Written testimony to the House Ways and Means Committee submitted in response to Duncan testimony, Cornerstone Research, 1/24/12

posted Feb 1, 2012, 2:21 AM by Bill Duncan   [ updated Feb 1, 2012, 5:19 AM ]
DNHPE Comment:  Mr. Moody's spin (highlighted below) aside, here is what he actually said (twice) on the radio program.

"In New Hampshire, we're seeing a decline in school age children.....If that parent feels they need to pull their child out of the public school system and put them into a private school, that's going to hurt the public school system as a whole.  This will give parents other options and potentially keep that child in the school system." 

Which, of course, it the opposite of the argument Cornerstone will need to make in support of HB 1607/SB 372, the bills to fund vouchers with education tax credits.  

Sometimes it just gets hard to remember which pocket you left your talking points in....

Testimony in Support of HB 1607 from Scott Moody. Vice President of Cornerstone Policy Research.

For the House Ways and Means Committee

January 24, 2012

Hello, my name is J. Scott Moody and I am the Vice President of Policy for Cornerstone Policy Research. I am submitting this written testimony to the Ways and Means Committee as clarification to written testimony presented by Bill Duncan of Newcastle. On January 23, 2012, Bill Duncan, who testified in opposition to HB 1607, included a statement in his written testimony that he attributed to Cornerstone Policy Research. He attempted to paraphrase a quote made by myself that he presumably heard on the July 17th show The Exchange on NH Public Radio. The show in question was a discussion about HB 542 which recently passed the House and is now law.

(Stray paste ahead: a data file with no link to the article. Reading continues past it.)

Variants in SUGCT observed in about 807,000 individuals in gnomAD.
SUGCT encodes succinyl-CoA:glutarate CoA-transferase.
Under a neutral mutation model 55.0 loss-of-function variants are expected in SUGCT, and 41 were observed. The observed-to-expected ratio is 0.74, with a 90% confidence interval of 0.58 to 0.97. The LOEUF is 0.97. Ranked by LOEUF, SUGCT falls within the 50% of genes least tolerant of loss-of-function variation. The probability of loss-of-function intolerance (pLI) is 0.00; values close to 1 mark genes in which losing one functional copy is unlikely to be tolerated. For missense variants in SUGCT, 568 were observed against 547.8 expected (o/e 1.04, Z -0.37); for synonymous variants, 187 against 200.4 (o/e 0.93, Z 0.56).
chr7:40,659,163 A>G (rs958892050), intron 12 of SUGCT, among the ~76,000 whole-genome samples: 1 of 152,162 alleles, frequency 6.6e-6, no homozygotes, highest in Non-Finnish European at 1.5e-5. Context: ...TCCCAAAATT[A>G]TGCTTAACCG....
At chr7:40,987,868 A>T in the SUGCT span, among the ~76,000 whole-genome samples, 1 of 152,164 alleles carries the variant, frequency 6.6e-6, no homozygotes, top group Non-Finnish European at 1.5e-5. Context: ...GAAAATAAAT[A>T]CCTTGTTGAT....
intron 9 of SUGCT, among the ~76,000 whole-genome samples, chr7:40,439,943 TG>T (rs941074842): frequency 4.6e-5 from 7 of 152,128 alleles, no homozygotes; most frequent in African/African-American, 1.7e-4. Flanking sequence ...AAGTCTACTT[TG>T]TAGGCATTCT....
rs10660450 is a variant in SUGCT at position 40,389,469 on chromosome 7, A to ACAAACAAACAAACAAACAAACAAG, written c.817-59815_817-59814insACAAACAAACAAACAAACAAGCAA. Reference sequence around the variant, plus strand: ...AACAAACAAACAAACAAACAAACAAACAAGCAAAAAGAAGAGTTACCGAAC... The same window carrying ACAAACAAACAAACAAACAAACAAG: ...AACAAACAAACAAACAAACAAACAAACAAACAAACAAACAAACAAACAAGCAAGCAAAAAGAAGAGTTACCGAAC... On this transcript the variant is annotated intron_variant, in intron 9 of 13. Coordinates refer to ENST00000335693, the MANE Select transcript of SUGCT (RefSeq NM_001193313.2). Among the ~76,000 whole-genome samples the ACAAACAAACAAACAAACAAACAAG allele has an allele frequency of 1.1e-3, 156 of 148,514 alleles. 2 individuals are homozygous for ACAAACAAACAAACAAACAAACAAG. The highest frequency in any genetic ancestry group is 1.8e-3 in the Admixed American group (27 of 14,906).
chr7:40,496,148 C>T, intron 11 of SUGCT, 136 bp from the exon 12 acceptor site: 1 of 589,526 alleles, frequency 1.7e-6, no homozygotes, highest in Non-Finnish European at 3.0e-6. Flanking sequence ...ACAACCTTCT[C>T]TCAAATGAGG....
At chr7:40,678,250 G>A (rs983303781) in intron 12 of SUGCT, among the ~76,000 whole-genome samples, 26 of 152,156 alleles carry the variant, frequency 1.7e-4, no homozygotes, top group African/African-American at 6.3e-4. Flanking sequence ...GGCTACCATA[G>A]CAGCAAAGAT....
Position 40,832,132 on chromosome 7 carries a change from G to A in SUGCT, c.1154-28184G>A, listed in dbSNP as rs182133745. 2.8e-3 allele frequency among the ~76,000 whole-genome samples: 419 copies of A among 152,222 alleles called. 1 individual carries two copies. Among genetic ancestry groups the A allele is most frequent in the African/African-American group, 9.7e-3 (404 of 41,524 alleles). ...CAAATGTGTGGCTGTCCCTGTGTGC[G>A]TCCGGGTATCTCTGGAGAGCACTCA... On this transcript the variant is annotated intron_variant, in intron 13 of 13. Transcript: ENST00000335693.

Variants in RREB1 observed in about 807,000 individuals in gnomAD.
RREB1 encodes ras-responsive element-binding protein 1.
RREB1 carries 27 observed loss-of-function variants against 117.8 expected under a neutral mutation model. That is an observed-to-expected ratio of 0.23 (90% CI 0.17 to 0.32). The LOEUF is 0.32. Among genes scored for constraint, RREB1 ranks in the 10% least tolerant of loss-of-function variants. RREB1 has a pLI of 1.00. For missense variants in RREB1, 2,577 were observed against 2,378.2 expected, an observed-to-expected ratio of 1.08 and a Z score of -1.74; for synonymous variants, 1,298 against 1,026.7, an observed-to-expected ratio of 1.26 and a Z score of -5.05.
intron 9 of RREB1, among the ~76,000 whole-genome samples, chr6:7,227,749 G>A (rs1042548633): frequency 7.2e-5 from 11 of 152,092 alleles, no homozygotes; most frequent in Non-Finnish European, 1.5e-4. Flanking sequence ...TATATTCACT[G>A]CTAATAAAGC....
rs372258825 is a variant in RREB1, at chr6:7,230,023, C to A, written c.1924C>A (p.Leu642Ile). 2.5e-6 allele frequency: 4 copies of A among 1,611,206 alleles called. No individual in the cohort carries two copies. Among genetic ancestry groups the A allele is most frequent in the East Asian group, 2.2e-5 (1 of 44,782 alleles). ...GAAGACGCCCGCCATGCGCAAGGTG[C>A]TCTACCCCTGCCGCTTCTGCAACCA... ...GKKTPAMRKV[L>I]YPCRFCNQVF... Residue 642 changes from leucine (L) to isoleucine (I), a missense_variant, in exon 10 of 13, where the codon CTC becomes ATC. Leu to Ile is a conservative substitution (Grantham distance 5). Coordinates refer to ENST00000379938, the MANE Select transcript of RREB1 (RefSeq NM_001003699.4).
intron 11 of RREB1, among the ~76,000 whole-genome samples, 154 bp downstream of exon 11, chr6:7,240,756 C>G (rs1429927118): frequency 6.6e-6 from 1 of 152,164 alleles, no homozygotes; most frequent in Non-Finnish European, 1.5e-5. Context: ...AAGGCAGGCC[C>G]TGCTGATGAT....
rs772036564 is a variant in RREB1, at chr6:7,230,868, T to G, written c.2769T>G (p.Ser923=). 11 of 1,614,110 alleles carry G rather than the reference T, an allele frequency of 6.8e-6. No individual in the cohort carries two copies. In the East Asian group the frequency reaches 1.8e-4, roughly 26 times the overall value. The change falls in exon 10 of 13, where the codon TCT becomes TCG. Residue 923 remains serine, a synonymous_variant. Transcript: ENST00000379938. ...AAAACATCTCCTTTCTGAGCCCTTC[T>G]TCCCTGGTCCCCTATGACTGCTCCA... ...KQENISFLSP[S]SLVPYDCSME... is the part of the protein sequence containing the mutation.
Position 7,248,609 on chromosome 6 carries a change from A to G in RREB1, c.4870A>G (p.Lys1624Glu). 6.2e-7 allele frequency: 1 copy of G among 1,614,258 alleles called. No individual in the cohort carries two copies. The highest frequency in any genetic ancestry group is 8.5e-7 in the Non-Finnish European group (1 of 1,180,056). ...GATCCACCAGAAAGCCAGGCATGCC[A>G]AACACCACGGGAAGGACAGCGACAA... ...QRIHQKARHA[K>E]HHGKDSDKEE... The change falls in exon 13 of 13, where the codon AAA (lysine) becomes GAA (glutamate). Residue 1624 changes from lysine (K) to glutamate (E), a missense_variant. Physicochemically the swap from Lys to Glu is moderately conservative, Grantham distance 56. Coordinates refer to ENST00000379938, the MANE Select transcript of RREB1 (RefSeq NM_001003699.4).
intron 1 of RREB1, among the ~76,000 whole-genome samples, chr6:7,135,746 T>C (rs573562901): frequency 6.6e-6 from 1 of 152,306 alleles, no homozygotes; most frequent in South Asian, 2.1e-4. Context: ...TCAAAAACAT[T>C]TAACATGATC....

On this show, I said HB 542 was fundamentally addressing parental rights. Parents have the best knowledge to know whether a school is meeting their child’s needs. Competition is good for the private sector and it is also good for the education sector. If a public school isn’t meeting a child’s needs then a parent will look for alternatives like a private school or homeschooling. HB 542, which allows exceptions to be made for materials parents deem to be objectionable, puts the burden on the parent to pay for alternative materials and allows for the teacher and parent to come together and figure out a solution for the child. This is good for the child, good for the parent and good for the school. I believe what Mr. Duncan was referring to in his testimony was my statement that parents pulling their children out of public school would hurt the school’s bottom line: fewer children means fewer tax dollars to the school. My point was that public schools that aren’t delivering a product valued by parents risk losing students. So, if schools want to retain the students they have, they need to offer as good an educational product as their competition which may be private schools.

Thank you. Sincerely, J. Scott Moody, VP of Policy, Cornerstone Policy Research